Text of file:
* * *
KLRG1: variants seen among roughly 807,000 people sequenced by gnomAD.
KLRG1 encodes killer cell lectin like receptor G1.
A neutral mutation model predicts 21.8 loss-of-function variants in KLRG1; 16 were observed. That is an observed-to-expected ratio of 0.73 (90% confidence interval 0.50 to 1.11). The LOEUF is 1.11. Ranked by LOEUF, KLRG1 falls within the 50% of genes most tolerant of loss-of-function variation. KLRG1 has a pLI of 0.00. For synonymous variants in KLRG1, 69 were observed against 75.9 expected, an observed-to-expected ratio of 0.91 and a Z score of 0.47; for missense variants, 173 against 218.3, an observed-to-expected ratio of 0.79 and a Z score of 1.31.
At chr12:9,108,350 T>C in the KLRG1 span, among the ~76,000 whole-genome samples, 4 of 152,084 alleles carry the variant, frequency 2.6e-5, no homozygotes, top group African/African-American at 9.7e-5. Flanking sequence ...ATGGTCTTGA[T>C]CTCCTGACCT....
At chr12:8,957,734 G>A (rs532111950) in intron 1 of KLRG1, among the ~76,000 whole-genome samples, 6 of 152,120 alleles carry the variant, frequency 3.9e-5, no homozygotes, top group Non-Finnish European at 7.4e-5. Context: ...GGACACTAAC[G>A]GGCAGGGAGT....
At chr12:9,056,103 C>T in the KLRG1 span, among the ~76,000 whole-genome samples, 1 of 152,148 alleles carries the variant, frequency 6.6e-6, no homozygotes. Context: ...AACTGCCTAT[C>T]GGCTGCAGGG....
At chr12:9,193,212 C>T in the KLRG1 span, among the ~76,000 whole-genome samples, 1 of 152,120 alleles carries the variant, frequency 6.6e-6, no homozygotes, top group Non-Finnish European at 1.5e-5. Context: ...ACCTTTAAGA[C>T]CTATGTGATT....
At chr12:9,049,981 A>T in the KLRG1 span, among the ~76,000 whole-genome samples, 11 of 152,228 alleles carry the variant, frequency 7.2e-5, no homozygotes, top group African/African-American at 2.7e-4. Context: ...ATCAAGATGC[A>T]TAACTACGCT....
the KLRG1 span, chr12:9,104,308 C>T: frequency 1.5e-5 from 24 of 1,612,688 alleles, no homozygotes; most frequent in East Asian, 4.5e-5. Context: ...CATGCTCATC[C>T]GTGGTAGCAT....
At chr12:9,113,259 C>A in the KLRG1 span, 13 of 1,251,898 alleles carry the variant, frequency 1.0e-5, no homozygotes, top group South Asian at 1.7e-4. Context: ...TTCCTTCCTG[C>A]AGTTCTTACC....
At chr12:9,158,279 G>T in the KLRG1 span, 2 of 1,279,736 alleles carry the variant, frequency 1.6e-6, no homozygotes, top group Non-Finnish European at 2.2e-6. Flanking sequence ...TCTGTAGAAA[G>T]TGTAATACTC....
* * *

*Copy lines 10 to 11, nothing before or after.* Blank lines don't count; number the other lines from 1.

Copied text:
At chr12:9,113,259 C>A in the KLRG1 span, 13 of 1,251,898 alleles carry the variant, frequency 1.0e-5, no homozygotes, top group South Asian at 1.7e-4. Context: ...TTCCTTCCTG[C>A]AGTTCTTACC....
At chr12:9,158,279 G>T in the KLRG1 span, 2 of 1,279,736 alleles carry the variant, frequency 1.6e-6, no homozygotes, top group Non-Finnish European at 2.2e-6. Flanking sequence ...TCTGTAGAAA[G>T]TGTAATACTC....